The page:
Through Solano, Clark met Margaret Anderson in New York City in July of 1942. Clark, Solano and Anderson would remain close and loyal friends until Anderson's death in 1973. After the war, Clark worked in New York City at the Fifth Avenue boutique Henri Bendel and at the fashion house of designer Mainbocher. In the late 1940s, she and Solano moved to Arizona and California to be near family and friends. When Clark's parents' health began to fail in the early 1950s, Clark and Solano moved to the Jenks family's Mount Kemble property and lived there until 1958, when the two women moved to Orgeval, France. Solano died in 1975 and was buried in Orgeval. Clark returned to live in the United States in November of 1976 and settled in Kingston, RI. From 1979 until her death from cancer in 1989, Clark shared her life with Mathilda Hills, a member of the English faculty at the University of Rhode Island. Mathilda Hills edited and made possible the publication of Forbidden Fires, Margaret Anderson's last book.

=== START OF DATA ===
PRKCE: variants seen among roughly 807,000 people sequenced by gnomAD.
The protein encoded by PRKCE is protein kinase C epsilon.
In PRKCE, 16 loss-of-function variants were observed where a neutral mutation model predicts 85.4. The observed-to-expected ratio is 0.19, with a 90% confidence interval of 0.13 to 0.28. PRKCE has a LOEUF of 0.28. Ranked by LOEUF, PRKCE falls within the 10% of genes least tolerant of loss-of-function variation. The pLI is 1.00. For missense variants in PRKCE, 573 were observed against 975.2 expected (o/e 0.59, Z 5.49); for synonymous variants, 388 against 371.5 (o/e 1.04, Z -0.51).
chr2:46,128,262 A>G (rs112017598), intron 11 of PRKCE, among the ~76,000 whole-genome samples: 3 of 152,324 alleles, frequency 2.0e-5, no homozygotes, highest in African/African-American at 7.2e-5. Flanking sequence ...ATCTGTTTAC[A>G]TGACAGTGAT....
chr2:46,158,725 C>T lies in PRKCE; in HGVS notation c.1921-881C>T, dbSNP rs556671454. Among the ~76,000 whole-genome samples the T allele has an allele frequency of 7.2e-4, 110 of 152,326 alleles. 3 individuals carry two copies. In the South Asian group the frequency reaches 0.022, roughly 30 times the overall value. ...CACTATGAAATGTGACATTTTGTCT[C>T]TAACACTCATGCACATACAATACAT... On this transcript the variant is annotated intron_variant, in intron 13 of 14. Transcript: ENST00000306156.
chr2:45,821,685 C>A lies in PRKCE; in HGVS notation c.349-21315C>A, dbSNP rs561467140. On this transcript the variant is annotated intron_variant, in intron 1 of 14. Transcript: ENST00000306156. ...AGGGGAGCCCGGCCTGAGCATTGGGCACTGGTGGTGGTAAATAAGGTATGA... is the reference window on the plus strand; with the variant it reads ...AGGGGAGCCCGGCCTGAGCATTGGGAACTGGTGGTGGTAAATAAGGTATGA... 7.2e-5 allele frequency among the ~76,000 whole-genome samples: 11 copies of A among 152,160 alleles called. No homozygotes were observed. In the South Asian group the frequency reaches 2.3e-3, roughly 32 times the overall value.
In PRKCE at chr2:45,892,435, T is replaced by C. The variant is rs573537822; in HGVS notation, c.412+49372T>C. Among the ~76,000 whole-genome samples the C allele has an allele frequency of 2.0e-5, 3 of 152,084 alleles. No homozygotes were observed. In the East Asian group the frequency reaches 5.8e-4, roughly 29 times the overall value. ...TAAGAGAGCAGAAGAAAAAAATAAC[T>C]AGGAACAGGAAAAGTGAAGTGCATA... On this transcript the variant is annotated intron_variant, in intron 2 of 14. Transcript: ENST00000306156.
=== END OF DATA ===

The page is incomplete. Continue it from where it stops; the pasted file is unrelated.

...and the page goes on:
Box 31 is unused. Original audiocassettes are now housed in Boxes 23-24. Restricted fragile material.
- Abbott, Berenice, 1898-1991
- American literature -- 20th century
- American poetry -- 20th Century
- Anderson, Margaret C., 1886-1973
- Audiovisual materials
- Authors -- 20th Century
- Britton, Coburn
- Caruso, Dorothy, 1893-1955
- Clark, Elizabeth Jenks
- Davidson, Louise
- George, Victor
- Gurdjieff, Georges Ivanovitch, 1872-1949
- Heap, Jane, 1883-1964
- Hills, Mathilda M.
- Hulme, Kathryn, 1900-1981
- LGBTQ resource
- Leblanc, Georgette, 1869-1941
- Lesbian authors
- Little review (Chicago, Ill.)
- Man Ray, 1890-1976
- Poets -- 2 20th century
- Publishers and publishing
- Solano, Solita, 1888-1975
- Sound recordings
- Women authors
- Guide to the Elizabeth Jenks Clark Collection of Margaret Anderson
- by Molly Wheeler
- February 2008
- Description rules
- Describing Archives: A Content Standard
- Language of description note
- Finding aid written in English.